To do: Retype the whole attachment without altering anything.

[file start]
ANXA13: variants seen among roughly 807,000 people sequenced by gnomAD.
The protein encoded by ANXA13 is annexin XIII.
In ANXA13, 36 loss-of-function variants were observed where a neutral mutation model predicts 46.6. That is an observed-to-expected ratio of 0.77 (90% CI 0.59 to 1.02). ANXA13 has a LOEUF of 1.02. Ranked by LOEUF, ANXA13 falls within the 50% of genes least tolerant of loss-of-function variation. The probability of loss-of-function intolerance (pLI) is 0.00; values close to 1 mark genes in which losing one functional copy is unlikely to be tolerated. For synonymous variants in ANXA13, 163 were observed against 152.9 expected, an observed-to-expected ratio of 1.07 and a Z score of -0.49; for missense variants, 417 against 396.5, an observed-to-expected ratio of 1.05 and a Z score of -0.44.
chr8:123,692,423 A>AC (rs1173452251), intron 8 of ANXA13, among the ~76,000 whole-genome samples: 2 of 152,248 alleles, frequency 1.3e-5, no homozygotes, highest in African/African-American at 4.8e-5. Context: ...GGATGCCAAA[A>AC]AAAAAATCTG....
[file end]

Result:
ANXA13: variants seen among roughly 807,000 people sequenced by gnomAD.
The protein encoded by ANXA13 is annexin XIII.
In ANXA13, 36 loss-of-function variants were observed where a neutral mutation model predicts 46.6. That is an observed-to-expected ratio of 0.77 (90% CI 0.59 to 1.02). ANXA13 has a LOEUF of 1.02. Ranked by LOEUF, ANXA13 falls within the 50% of genes least tolerant of loss-of-function variation. The probability of loss-of-function intolerance (pLI) is 0.00; values close to 1 mark genes in which losing one functional copy is unlikely to be tolerated. For synonymous variants in ANXA13, 163 were observed against 152.9 expected, an observed-to-expected ratio of 1.07 and a Z score of -0.49; for missense variants, 417 against 396.5, an observed-to-expected ratio of 1.05 and a Z score of -0.44.
chr8:123,692,423 A>AC (rs1173452251), intron 8 of ANXA13, among the ~76,000 whole-genome samples: 2 of 152,248 alleles, frequency 1.3e-5, no homozygotes, highest in African/African-American at 4.8e-5. Context: ...GGATGCCAAA[A>AC]AAAAAATCTG....